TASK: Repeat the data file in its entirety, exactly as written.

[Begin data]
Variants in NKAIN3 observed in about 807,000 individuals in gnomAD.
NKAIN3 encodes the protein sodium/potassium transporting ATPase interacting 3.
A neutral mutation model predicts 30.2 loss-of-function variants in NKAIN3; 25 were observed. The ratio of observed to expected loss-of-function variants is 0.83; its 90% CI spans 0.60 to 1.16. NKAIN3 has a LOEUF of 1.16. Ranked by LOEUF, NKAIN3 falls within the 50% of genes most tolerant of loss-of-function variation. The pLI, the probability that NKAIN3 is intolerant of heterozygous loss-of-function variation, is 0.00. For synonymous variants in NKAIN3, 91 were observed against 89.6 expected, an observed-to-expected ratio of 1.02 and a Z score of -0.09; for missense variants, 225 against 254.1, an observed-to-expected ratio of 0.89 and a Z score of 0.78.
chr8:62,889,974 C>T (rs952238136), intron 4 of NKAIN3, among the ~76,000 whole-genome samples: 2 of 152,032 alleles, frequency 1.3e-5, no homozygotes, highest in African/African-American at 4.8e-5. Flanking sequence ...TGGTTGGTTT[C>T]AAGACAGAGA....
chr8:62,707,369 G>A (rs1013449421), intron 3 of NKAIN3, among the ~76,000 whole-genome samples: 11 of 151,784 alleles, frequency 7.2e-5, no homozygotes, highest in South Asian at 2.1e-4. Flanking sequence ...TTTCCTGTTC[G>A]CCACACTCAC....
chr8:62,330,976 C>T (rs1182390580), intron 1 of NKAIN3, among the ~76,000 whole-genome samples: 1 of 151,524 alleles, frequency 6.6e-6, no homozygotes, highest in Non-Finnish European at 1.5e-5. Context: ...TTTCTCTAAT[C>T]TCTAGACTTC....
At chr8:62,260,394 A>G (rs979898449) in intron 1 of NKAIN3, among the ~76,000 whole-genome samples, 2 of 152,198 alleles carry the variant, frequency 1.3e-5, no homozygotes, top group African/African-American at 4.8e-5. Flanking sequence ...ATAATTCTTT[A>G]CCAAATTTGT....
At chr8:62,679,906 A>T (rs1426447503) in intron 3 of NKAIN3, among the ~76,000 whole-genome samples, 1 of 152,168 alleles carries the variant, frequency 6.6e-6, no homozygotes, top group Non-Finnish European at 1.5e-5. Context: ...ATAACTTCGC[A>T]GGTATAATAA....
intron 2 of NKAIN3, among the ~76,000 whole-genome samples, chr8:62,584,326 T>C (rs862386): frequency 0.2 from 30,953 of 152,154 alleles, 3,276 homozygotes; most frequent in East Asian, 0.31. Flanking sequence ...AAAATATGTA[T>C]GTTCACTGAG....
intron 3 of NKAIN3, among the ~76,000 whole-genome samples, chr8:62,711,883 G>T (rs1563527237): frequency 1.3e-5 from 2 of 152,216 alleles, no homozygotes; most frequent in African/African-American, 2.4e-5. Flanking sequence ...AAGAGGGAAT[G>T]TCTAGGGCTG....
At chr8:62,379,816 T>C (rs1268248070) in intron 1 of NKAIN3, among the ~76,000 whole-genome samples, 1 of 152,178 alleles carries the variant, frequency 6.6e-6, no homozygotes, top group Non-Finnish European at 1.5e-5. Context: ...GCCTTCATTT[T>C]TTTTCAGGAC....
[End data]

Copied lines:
Variants in NKAIN3 observed in about 807,000 individuals in gnomAD.
NKAIN3 encodes the protein sodium/potassium transporting ATPase interacting 3.
A neutral mutation model predicts 30.2 loss-of-function variants in NKAIN3; 25 were observed. The ratio of observed to expected loss-of-function variants is 0.83; its 90% CI spans 0.60 to 1.16. NKAIN3 has a LOEUF of 1.16. Ranked by LOEUF, NKAIN3 falls within the 50% of genes most tolerant of loss-of-function variation. The pLI, the probability that NKAIN3 is intolerant of heterozygous loss-of-function variation, is 0.00. For synonymous variants in NKAIN3, 91 were observed against 89.6 expected, an observed-to-expected ratio of 1.02 and a Z score of -0.09; for missense variants, 225 against 254.1, an observed-to-expected ratio of 0.89 and a Z score of 0.78.
chr8:62,889,974 C>T (rs952238136), intron 4 of NKAIN3, among the ~76,000 whole-genome samples: 2 of 152,032 alleles, frequency 1.3e-5, no homozygotes, highest in African/African-American at 4.8e-5. Flanking sequence ...TGGTTGGTTT[C>T]AAGACAGAGA....
chr8:62,707,369 G>A (rs1013449421), intron 3 of NKAIN3, among the ~76,000 whole-genome samples: 11 of 151,784 alleles, frequency 7.2e-5, no homozygotes, highest in South Asian at 2.1e-4. Flanking sequence ...TTTCCTGTTC[G>A]CCACACTCAC....
chr8:62,330,976 C>T (rs1182390580), intron 1 of NKAIN3, among the ~76,000 whole-genome samples: 1 of 151,524 alleles, frequency 6.6e-6, no homozygotes, highest in Non-Finnish European at 1.5e-5. Context: ...TTTCTCTAAT[C>T]TCTAGACTTC....
At chr8:62,260,394 A>G (rs979898449) in intron 1 of NKAIN3, among the ~76,000 whole-genome samples, 2 of 152,198 alleles carry the variant, frequency 1.3e-5, no homozygotes, top group African/African-American at 4.8e-5. Flanking sequence ...ATAATTCTTT[A>G]CCAAATTTGT....
At chr8:62,679,906 A>T (rs1426447503) in intron 3 of NKAIN3, among the ~76,000 whole-genome samples, 1 of 152,168 alleles carries the variant, frequency 6.6e-6, no homozygotes, top group Non-Finnish European at 1.5e-5. Context: ...ATAACTTCGC[A>T]GGTATAATAA....
intron 2 of NKAIN3, among the ~76,000 whole-genome samples, chr8:62,584,326 T>C (rs862386): frequency 0.2 from 30,953 of 152,154 alleles, 3,276 homozygotes; most frequent in East Asian, 0.31. Flanking sequence ...AAAATATGTA[T>C]GTTCACTGAG....
intron 3 of NKAIN3, among the ~76,000 whole-genome samples, chr8:62,711,883 G>T (rs1563527237): frequency 1.3e-5 from 2 of 152,216 alleles, no homozygotes; most frequent in African/African-American, 2.4e-5. Flanking sequence ...AAGAGGGAAT[G>T]TCTAGGGCTG....
At chr8:62,379,816 T>C (rs1268248070) in intron 1 of NKAIN3, among the ~76,000 whole-genome samples, 1 of 152,178 alleles carries the variant, frequency 6.6e-6, no homozygotes, top group Non-Finnish European at 1.5e-5. Context: ...GCCTTCATTT[T>C]TTTTCAGGAC....